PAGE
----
Tuesday, May 18, 2004

School-free zones

The political hot potato in our town these days is the location of a new junior high school, which most folks seem to acknowledge is necessary as long as it's nowhere near them. I personally wouldn't mind having it in my backyard -- better than having to schlep my kids across town for grades 8-9 -- but my backyard already has a high school in it. The original proposal was to put it in the one part of town that didn't have a school already; there's a park the school board had specifically bought with the possibility of turning it into a school in mind. But folks in that neighborhood would rather have a park than a school, and they put up enough of a complaint that the plan changed to put it on the other end of town. But that neighborhood already had a middle school and an elementary school less than a mile apart on the same busy street, and the new school would be right in between. So their backyards are full also. And now there are rival angry citizen groups yelling at the school board and city council, demanding that those other angry citizens just shut up and put up.

Our town's really not that small -- it's really a decent-size city -- but at times like this it's sure got that small-town feel. Reading through the local giveway paper, seeing names I know in the lists of petition-signers and letter-writers, hearing of plans to storm the city council, catching impassioned discussions at school events ... people take this stuff so seriously. Probably I should be taking it seriously, too. Our schools are overcrowded, to be sure, and underfunded, and that doesn't help my service-needing kids. But on the other hand, I would be really happy to see this debate turn and turn and turn, argued endlessly without resolution, until the deadline for building the new school moves beyond the point at which my kids will be affected by it. Crowded schools may be bad for my two, but brand-new schools without solid routines and time-tested teachers and administrative policies are probably worse. It's bad enough that they have to switch from elementary to middle, and then middle to high school. I'm not nuts about adding an additional transition in there, especially if it's far from my backyard.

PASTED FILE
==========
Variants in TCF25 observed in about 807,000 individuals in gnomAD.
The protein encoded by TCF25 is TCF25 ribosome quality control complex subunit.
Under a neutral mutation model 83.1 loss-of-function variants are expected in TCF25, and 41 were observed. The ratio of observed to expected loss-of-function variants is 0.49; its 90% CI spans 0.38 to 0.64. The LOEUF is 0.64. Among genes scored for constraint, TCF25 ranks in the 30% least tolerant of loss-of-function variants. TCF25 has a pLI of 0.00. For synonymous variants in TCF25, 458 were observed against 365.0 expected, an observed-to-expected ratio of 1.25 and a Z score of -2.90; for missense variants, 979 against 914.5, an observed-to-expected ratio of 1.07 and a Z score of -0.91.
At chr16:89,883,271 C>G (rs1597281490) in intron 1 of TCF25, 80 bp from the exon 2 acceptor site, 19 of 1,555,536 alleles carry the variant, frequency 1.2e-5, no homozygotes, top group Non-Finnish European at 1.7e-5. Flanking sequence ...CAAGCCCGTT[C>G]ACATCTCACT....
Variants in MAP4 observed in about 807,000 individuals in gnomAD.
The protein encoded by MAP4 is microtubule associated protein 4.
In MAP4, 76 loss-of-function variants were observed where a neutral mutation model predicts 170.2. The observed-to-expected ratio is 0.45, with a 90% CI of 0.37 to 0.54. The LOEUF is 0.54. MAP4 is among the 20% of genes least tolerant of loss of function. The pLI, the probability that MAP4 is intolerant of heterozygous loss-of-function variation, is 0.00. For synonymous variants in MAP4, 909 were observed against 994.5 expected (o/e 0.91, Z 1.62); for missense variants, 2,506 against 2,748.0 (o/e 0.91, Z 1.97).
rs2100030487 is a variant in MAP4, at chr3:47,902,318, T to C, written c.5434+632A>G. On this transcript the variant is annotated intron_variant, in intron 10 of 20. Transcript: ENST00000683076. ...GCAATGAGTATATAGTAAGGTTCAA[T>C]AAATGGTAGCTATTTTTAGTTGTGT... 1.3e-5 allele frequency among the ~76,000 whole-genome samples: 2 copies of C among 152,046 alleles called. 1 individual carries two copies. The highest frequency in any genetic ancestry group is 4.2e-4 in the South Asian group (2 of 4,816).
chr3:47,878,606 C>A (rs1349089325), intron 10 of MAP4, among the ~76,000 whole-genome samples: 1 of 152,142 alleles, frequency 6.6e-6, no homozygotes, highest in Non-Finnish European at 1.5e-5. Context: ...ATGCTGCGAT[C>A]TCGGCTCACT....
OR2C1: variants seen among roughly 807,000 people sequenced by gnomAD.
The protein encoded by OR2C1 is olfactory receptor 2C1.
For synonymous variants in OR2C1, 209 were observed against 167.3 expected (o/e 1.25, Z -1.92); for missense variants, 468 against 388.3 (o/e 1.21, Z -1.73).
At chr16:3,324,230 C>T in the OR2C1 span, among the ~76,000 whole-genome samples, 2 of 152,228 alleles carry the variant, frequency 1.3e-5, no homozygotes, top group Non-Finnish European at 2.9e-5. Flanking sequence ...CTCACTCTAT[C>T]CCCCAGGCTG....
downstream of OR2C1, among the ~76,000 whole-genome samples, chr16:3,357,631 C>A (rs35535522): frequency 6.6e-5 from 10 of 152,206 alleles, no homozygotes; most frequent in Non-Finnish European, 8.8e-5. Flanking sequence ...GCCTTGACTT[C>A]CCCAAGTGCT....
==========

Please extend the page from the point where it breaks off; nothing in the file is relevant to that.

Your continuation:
Maybe if it becomes impossible enough to find a place to build this big new school, they'll ditch the idea of having our kids go from a K-5 school to a 6-7 school to a 8-9 school to a 10-12 school and keep the configuration as is -- K-5, 6-8 and 9-12. Three schools during early adolescence, when we most want teachers and administrators to get to know our kids and keep an eye of them, seems kind of ridiculous. Which leads me to wonder: Are any other towns trotting their kids around that much? What's the grade configuration like in your schools? Post your answer on the Child.com Education and Reading message board, or use our comments feature below. With enough information about how other districts do it, maybe I'll be able to start a petition, write a letter to the editor, and rouse a little rabble.

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